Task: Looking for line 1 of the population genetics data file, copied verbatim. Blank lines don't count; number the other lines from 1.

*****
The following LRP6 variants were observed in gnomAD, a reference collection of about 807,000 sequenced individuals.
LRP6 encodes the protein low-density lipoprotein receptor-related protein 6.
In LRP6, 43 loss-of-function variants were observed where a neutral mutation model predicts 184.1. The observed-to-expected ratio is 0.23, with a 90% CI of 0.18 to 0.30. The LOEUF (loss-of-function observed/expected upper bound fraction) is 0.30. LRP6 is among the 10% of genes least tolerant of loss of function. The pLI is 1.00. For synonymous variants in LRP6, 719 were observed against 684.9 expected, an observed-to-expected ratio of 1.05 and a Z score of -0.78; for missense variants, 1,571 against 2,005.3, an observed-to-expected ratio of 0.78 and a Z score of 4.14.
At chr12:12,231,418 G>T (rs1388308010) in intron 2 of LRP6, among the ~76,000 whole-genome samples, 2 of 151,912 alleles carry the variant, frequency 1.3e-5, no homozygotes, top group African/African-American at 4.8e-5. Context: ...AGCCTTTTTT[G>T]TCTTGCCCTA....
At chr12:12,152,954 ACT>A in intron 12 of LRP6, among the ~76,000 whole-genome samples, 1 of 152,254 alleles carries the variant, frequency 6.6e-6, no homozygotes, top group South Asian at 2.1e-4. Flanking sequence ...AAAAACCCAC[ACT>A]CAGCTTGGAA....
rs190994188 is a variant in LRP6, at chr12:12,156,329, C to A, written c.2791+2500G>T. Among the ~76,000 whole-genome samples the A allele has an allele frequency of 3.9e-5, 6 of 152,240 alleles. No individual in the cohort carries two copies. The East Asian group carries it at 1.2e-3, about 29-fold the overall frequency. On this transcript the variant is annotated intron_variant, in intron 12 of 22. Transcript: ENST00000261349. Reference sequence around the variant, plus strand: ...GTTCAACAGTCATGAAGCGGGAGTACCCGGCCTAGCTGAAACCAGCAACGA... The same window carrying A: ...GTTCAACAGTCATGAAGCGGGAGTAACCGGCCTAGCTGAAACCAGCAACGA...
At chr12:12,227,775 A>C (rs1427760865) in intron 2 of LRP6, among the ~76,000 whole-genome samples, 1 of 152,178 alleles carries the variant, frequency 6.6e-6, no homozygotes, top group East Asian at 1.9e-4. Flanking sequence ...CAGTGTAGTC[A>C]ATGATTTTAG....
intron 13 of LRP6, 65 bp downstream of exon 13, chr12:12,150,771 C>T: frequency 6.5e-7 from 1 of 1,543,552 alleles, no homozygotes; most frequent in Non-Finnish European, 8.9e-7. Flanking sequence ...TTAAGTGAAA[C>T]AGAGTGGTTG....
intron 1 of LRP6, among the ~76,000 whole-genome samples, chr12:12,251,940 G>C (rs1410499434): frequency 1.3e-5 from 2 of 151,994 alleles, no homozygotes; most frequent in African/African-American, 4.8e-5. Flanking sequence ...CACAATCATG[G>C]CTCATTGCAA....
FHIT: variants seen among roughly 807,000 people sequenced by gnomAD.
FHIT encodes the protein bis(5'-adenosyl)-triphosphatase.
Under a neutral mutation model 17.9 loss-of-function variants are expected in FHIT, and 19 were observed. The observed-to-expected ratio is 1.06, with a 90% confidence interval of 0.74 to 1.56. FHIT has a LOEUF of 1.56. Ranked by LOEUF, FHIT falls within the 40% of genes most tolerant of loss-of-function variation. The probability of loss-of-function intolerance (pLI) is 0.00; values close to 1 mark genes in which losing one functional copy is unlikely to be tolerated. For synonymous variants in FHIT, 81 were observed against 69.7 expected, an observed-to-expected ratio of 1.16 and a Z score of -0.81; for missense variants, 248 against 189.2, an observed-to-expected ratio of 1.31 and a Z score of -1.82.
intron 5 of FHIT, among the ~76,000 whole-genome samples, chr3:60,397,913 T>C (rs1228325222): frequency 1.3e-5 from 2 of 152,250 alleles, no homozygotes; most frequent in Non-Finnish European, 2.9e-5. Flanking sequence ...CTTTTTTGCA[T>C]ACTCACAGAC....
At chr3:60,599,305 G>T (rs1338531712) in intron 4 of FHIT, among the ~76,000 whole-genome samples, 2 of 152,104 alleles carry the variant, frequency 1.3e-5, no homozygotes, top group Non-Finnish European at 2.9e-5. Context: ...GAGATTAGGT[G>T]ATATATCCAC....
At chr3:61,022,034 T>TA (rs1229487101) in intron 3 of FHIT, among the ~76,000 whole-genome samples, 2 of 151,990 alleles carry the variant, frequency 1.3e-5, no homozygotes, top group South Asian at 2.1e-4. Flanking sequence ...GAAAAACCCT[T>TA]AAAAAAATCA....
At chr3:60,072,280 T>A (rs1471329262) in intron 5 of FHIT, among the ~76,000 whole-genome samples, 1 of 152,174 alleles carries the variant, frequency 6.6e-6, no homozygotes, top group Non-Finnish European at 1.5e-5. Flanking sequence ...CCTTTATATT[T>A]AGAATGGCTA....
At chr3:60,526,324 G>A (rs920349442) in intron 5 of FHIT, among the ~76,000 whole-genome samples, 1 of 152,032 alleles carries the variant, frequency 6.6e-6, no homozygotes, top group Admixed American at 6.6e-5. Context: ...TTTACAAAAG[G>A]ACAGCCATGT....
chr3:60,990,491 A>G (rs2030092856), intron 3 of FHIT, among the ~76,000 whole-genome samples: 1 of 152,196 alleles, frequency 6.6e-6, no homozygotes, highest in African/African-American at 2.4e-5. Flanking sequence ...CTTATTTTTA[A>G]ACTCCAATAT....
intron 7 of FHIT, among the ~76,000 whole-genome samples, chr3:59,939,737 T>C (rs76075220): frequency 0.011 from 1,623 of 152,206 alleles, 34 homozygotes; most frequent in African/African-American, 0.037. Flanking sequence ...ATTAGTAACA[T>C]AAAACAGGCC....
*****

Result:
The following LRP6 variants were observed in gnomAD, a reference collection of about 807,000 sequenced individuals.